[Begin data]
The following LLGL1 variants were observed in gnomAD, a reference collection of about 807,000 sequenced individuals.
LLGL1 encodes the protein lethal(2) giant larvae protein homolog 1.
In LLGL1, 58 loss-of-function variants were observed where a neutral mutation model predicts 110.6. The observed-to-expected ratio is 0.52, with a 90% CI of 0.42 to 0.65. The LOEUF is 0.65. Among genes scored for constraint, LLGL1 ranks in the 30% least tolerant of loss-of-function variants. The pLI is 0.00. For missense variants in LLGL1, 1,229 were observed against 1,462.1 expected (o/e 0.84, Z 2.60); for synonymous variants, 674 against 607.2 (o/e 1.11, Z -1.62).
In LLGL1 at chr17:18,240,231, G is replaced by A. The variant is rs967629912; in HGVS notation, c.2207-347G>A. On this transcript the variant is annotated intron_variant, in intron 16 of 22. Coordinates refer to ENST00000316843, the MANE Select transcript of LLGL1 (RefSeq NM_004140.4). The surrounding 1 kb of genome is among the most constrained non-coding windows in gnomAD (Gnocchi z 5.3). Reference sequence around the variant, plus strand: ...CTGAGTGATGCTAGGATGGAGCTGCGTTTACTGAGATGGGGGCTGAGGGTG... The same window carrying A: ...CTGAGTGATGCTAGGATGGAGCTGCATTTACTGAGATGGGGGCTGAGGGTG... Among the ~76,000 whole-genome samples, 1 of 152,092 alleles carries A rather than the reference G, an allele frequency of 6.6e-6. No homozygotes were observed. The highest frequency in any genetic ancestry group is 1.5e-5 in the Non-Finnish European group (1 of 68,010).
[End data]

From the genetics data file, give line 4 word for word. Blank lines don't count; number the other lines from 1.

In LLGL1 at chr17:18,240,231, G is replaced by A. The variant is rs967629912; in HGVS notation, c.2207-347G>A. On this transcript the variant is annotated intron_variant, in intron 16 of 22. Coordinates refer to ENST00000316843, the MANE Select transcript of LLGL1 (RefSeq NM_004140.4). The surrounding 1 kb of genome is among the most constrained non-coding windows in gnomAD (Gnocchi z 5.3). Reference sequence around the variant, plus strand: ...CTGAGTGATGCTAGGATGGAGCTGCGTTTACTGAGATGGGGGCTGAGGGTG... The same window carrying A: ...CTGAGTGATGCTAGGATGGAGCTGCATTTACTGAGATGGGGGCTGAGGGTG... Among the ~76,000 whole-genome samples, 1 of 152,092 alleles carries A rather than the reference G, an allele frequency of 6.6e-6. No homozygotes were observed. The highest frequency in any genetic ancestry group is 1.5e-5 in the Non-Finnish European group (1 of 68,010).